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    Stats: 28.2 MPG, 9.0 PPG, 4.0 RPG, 44% FG, 38% 3PT

    February Show and Tell: 12.4 PPG and 5.6 RPG in Feb.

     

    Kyle Singler has responded well to an increased role due to Tayshaun Prince's departure. The Detroit Pistons have called upon him for more minutes and more scoring from the small forward slot.

    He's posted double figures in all but one game in February, connecting on an average of five field goals per game.

    From Frank Lawrence's perspective, it's nice to know that he can give Singler extensive minutes and get production in a shootout win. For instance, Singler's 14 points were handy in Detroit's 119-109 triumph over the San Antonio Spurs.

    Did Singler reveal potential stardom? No, but he's proving that he can be a key contributor on a nightly basis.

     

    Updated Grade: B+

Andrew Nicholson, Orlando Magic

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    Stats: 15.8 MPG, 7.8 PPG, 3.6 RPG, 54% FG

    February Show and Tell: 21 points, eight rebounds vs. CLE 

     

    Orlando Magic power forward Andrew Nicholson has been highly effective throughout the season, and now that he's finally getting a chance to play significant minutes, he's shining.

    In his last five games, he's averaging 12.4 points in 27 minutes while shooting 60 percent.

    Nicholson's physique and athleticism aren't imposing at all, but he's methodical and crafty when he works in the post. He uses his pivot moves and a consistent 15-foot shot to foil opposing defenses, and he rarely takes an ill-advised shot.

    His recent efforts were rewarded when he was named as Andre Drummond's injury replacement for the BBVA Rising Stars Challenge.

     

    Updated Grade: B+

Terrence Ross, Toronto Raptors

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    Stats: 16.9 MPG, 6.4 PPG, 2.1 RPG, 40% FG, 33% 3PT

    February Show and Tell: Seven points in 14 minutes vs. DEN

     

    With DeMar DeRozan and Rudy Gay chewing up almost all the playing time at the swingmen positions, there's not many spare minutes for Terrence Ross.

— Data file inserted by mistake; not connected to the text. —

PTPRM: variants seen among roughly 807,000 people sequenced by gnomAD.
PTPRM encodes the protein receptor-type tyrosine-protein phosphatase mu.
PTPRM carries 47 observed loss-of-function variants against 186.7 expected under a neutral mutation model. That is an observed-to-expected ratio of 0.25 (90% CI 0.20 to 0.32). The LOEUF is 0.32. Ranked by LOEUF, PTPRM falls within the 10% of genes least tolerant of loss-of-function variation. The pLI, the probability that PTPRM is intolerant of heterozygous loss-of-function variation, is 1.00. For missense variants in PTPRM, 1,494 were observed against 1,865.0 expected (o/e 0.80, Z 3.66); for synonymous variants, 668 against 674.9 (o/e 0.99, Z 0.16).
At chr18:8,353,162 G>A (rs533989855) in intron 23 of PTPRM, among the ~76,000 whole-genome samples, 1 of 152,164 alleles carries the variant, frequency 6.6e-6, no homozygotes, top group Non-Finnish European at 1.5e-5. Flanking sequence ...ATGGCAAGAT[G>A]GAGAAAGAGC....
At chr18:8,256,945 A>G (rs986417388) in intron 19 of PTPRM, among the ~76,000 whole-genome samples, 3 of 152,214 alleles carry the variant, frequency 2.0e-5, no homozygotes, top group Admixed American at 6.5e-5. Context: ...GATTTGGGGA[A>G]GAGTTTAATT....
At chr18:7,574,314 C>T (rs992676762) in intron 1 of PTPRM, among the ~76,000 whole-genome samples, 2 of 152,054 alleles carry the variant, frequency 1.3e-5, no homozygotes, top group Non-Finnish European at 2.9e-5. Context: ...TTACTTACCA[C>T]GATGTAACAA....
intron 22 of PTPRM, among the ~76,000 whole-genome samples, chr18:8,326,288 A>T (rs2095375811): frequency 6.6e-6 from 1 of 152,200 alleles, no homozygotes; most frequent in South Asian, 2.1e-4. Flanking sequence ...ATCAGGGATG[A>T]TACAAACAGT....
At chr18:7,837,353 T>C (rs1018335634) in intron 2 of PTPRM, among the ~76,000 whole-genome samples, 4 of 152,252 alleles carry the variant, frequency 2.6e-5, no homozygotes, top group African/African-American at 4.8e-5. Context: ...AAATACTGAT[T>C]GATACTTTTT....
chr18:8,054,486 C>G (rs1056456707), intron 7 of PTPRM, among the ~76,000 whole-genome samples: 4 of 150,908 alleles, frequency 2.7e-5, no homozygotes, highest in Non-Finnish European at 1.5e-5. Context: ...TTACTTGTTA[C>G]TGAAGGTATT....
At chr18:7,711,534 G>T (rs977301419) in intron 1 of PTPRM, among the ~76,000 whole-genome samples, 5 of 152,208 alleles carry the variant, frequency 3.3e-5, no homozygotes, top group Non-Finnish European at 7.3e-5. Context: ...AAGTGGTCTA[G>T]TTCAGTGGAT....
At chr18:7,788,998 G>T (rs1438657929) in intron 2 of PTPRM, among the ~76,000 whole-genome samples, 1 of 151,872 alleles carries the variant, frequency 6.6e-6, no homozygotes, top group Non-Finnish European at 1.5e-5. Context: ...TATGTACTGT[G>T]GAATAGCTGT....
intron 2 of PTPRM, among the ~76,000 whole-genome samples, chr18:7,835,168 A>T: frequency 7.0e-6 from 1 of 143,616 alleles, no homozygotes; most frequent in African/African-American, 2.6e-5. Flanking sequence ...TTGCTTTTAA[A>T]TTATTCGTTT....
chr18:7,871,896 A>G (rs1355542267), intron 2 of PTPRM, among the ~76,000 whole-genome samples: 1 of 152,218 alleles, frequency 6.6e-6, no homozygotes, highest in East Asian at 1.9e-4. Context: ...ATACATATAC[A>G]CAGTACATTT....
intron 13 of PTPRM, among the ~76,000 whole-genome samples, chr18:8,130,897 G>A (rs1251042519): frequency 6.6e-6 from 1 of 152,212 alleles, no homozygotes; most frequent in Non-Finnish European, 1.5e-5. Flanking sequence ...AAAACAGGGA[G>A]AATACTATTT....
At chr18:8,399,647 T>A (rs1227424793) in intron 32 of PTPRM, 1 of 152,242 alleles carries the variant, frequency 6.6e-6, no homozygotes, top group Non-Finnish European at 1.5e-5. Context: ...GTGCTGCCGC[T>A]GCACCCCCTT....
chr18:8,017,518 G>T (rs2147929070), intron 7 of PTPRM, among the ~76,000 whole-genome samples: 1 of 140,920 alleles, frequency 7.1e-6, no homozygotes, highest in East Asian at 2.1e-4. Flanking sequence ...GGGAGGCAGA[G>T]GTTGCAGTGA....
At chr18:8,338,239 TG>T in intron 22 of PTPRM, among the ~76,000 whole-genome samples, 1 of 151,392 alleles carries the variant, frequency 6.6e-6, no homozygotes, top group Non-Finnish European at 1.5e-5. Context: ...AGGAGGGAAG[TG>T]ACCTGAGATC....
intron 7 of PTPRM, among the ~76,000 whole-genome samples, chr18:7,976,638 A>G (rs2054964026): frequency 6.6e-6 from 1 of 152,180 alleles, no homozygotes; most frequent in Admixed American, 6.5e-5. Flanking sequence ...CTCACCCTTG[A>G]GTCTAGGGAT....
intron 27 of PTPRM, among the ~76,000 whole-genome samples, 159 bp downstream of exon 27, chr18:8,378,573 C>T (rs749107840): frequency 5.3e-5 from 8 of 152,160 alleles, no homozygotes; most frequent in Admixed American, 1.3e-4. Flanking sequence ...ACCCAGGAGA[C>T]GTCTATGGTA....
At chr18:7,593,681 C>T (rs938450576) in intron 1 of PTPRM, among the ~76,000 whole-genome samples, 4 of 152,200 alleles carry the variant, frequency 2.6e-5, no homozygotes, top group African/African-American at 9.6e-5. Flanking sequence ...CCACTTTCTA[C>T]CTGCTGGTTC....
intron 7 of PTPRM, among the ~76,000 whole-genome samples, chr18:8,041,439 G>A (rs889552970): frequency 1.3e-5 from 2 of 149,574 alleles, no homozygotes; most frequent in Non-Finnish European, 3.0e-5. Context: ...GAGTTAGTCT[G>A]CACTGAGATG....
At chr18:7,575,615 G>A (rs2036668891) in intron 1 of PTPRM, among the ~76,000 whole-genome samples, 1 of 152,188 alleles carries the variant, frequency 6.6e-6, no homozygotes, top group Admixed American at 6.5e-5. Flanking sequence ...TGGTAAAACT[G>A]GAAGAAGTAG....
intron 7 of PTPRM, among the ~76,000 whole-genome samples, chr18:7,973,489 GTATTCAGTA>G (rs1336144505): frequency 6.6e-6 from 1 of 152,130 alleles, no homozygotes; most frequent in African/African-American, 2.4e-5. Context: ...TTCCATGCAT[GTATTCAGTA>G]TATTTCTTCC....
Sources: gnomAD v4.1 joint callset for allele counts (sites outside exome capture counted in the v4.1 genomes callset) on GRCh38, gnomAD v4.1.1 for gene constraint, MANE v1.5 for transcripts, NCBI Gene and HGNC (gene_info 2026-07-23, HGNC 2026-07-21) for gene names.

He's doing his best to chip in when he comes off the bench, and most of his scoring comes in transition.

    Ultimately, he's not making a compelling case to stay on the floor, because he's not versatile enough yet to be effective at the pro level.

    Ross rarely notches more than one or two rebounds or assists, even when he plays 20 minutes.

     

    Updated Grade: C+

Michael Kidd-Gilchrist, Charlotte Bobcats

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    Stats: 25.9 MPG, 9.1 PPG, 5.7 RPG, 46% FG

    February Show and Tell: 10 boards vs. LAL

     

    In the month of February, Charlotte Bobcats forward Michael Kidd-Gilchrist has yet to record a multiple field goal game.

    His shooting doesn't change the fact that he's a solid defender and rebounder, but his mediocre offense does put pressure on him to play mistake-free on the other end. Otherwise, his playing time will shrink more than it already has.

    It's similar to the team's overall woes: subpar offense often leads to more chances for the opponent, thus creating extra pressure on the defense to succeed.

     

    Updated Grade: B

Harrison Barnes, Golden State Warriors

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    Stats: 25.8 MPG, 9.3 PPG, 4.2 RPG, 45% FG, 37% 3PT

    February Show and Tell: 59 percent FG in Feb.

     

    In addition to providing the Golden State Warriors with a forward slasher who can shoot from deep, Harrison Barnes plays admirable defense for a rookie.